Harry S. Truman, born May 8, 1884 in Lamar, Missouri, died December 26, 1972 in Kansas City, Missouri, was an American politician (a democrat), the U.S. Vice President from January to April 1945 and the President from 1945 to 1953.
Truman was born into a farming family in Missouri and had no opportunity to study at university.
He worked for several years as a farmer and then participated in the First World War as a reserve officer in the artillery. He served for some time on the French front. After having been a partner in a clothing store 1919-1922, Truman began his political career as a local politician, with the support of the influential Pendergast family. In 1934, he was elected to the U.S. Senate, but was met with suspicion by the Roosevelt administration because of his association with Pendergast.
He was nominated for the vice-presidential candidate in 1944 and entered the service January 20, 1945, after the Democrats’ victory in the presidential election. Barely three months later, Franklin D. Roosevelt died and Truman, as vice president, became a new president. He was re-elected by a surprising victory in the presidential election in 1948.
Harry Truman’s presidency was particularly eventful with what was foreign policy. After the victory over Germany in World War II, Truman attended in Potsdam Conference. He ordered the use of nuclear weapons against Hiroshima and Nagasaki, and the cold war, the protracted conflict between the U.S. and the Soviet Union, began during Truman’s presidency. In 1947, he presented the Truman Doctrine, which meant that the U.S. would support Greece and Turkey with money and weapons in order to meet the perceived threat from communism. Truman’s Secretary of State has named it the Marshall Plan. Other important events were the Berlin Blockade, the creation of the Atlantic Alliance and the American involvement in the Korean War. Domestically, Truman put forward the Fair Deal, which was a continuation of Roosevelt’s New Deal, but he did not manage to get through many of the proposals in Congress.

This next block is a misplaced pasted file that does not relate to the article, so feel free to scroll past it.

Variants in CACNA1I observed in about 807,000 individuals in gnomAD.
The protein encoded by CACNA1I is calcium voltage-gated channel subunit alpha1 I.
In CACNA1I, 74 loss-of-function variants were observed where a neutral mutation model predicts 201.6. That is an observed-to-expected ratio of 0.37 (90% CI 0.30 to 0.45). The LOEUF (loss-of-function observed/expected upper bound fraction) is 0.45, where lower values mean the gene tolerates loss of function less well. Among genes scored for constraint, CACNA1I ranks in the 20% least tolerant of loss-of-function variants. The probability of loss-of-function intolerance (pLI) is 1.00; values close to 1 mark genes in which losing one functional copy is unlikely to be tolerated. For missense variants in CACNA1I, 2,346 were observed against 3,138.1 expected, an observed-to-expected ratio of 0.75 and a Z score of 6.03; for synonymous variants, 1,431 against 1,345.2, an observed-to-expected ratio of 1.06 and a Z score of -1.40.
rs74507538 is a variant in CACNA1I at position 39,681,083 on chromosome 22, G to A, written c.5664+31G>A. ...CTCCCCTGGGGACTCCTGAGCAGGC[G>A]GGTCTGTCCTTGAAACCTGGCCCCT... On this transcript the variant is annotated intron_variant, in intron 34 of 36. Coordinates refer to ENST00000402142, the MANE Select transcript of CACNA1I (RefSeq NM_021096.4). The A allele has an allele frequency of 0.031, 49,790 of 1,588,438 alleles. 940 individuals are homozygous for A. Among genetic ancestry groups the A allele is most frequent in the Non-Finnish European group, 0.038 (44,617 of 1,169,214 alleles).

Another Truman’s major foreign policy initiative was the Marshall Plan, which aimed both to contribute to the reconstruction of Europe and to prevent the spread of communism. After the war, Western Europe was in deep financial crisis, the greatest risk was not a Soviet intervention, but hunger, poverty, and despair, which would drive the Europeans to vote for their own communist parties to power.
Truman did not run for re-election in 1952. He was succeeded as president by Republican Dwight D. Eisenhower, who defeated Democratic candidate Adlai Stevenson. Truman had occasional low popularity during his tenure and was hard pressed by political opponents, but today his presidency is viewed more positively and he is considered one of the nation’s top ten presidents.
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